In a previous note, I discussed how the Cleveland Clinic is now offering 24/7, no-appointment, telemedicine visits under their MyCare Online program to any Ohio resident for $49 (see: Cleveland Clinic Launches Web Site to Offer Physician Visits to Ohio Residents). At that time, I signed up for an account. I recently received an email from the Clinic detailing a MyCare Online visit. Below are a number of salient points about it, in part, extracted from a Youtube introductory video, a link to which was provided in the email:
- Patients are linked to a family practice physician whose professional profile can be viewed prior to entering the patient queue.
- The video suggests that the typical wait time for connection to a physician is "less than a couple of minutes" with prompts to indicate that he or she is seeing another patient when relevant to assess the wait-time
- The consulting physician can write an e-prescription at the end of the visit and send it electronically to the patient's drug store of choice.
- The video also, appropriately, provides many details about the necessary technology to launch a virtual visit such as the type of mobile device that can be used. A plug-in is offered for a laptop or desktop computer to enable high-definition video. Wi-fi connection is preferred, providing higher quality service over cellular. I use the term "appropriately" above because such technical details may be a barrier for the use of the service by some patients.
- The email provides a list of the relatively minor conditions that might prompt a a visit including the following: allergies; asthma; bronchitis; burns; colds; cough symptoms; earaches; eye conditions such as pinkeye; fever; flu; lacerations; minor back pain; minor trauma; rashes; shoulder pain; sinus infections; skin conditions; sore throat; urinary tract infections.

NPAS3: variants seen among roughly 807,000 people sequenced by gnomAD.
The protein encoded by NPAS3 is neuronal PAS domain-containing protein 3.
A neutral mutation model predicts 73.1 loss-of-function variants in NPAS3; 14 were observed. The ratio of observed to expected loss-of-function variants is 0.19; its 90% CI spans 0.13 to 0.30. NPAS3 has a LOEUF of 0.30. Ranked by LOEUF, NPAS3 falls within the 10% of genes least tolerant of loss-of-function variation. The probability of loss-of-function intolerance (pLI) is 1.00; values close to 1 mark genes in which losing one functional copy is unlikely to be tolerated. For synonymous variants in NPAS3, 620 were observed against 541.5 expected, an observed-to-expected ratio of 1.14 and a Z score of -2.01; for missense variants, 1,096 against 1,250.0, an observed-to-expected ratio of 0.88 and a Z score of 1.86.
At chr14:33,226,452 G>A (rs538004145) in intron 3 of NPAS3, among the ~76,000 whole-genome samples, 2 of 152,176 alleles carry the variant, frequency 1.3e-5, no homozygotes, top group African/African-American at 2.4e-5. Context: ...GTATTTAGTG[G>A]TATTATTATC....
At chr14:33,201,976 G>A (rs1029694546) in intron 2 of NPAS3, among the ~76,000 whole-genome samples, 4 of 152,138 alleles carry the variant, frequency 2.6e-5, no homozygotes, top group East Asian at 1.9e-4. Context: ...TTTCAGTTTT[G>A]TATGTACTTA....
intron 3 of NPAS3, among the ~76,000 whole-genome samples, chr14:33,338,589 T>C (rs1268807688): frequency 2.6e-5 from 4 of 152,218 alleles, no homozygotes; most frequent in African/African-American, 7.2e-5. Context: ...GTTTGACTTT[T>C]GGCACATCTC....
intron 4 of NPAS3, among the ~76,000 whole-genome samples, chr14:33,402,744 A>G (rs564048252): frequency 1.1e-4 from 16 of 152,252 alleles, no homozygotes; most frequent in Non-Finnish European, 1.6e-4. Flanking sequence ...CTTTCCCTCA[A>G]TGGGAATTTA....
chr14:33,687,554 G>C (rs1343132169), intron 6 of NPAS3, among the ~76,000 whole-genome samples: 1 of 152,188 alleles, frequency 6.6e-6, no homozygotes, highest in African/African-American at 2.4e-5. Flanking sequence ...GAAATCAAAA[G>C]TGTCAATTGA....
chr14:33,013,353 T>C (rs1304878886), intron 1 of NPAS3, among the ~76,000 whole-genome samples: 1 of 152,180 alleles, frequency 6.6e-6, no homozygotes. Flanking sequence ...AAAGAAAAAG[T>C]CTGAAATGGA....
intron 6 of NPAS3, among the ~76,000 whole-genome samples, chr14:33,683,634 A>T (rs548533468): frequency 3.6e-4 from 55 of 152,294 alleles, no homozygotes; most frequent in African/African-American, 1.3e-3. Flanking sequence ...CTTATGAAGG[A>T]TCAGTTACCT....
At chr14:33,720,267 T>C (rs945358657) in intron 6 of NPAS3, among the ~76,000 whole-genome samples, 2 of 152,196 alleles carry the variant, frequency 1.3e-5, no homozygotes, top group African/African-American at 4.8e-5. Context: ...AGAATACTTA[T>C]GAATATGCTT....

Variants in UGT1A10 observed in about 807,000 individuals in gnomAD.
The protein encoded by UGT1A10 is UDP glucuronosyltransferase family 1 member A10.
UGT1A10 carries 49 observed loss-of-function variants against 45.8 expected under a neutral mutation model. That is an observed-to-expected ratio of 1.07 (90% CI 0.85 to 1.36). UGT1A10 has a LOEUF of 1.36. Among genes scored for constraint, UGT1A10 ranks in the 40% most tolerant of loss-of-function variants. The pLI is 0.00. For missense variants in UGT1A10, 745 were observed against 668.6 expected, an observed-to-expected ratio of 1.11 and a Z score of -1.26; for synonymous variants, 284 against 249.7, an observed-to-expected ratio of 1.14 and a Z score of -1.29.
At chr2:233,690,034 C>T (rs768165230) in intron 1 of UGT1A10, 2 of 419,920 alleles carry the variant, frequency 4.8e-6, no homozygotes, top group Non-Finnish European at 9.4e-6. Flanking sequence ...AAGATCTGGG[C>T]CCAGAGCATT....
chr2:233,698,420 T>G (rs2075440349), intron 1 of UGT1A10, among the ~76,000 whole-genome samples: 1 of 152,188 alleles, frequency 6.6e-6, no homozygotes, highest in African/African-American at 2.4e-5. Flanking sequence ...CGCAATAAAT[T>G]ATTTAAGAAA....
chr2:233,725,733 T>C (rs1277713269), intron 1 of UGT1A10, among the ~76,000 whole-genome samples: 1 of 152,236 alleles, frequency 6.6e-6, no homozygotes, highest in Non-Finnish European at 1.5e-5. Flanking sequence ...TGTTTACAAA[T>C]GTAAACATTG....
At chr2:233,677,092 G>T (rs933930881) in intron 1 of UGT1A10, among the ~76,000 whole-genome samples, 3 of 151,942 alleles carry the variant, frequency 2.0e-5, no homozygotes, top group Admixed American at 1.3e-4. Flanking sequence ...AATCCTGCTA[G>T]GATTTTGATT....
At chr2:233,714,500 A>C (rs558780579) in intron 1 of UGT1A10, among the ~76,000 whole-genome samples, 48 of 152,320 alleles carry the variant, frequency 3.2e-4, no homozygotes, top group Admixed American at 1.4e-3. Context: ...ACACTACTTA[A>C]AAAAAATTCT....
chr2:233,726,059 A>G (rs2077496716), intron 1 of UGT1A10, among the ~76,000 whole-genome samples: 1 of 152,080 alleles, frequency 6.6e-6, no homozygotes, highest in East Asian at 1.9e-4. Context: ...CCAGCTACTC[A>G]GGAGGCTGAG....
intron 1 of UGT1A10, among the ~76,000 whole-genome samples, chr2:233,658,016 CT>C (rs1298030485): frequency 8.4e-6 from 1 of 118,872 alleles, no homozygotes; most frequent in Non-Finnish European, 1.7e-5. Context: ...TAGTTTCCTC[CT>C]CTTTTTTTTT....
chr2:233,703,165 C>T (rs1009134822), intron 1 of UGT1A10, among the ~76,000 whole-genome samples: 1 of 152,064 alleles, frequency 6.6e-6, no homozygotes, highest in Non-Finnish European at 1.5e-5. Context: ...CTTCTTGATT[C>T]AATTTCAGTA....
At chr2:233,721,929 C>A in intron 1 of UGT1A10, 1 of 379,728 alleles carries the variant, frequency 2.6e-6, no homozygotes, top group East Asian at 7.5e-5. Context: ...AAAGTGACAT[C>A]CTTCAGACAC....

I have the following reaction to the program as it stands at this time:
- I am impressed with the quality of the marketing program. It's all very slick and very professional, as I would have expected from the Cleveland Clinic.
- The conditions covered would not be very different from those treated on a daily basis by a family physician, many of which can be adequately diagnosed without a physical examination. Visits are estimated in the introductory video to last "about ten minutes."
- Although I had suggested that the Cleveland Clinic was launching this service to prompt referrals of more complex cases, it now strikes me that this is intended to be largely a revenue-generating program using family practice physicians. It's also in line with the Clinic's history of rapid adoption of new IT and other technologies to deliver healthcare.
- To restate the obvious, the physicians seeing patients with a video link will be very able to triage the more seriously ill patients who log-in and refer them to a local emergency department or perhaps even to the Clinic itself in some cases.
- Given the limits of service to perhaps a dozen family medicine practitioners, the necessity for physician training to launch the program has probably not been that daunting. However, the initiative will provide an experience base for the Cleveland Clinic that can extend at a later time to other medical specialists.
- I will reiterate my previous statement that this is a game-changer for telemedicine. We see a very prestigious hospital going "all-in" for virtual e-visits. This can't be ignored by other health systems, certainly by other Ohio healthcare providers. I personally don't see how this program can fail.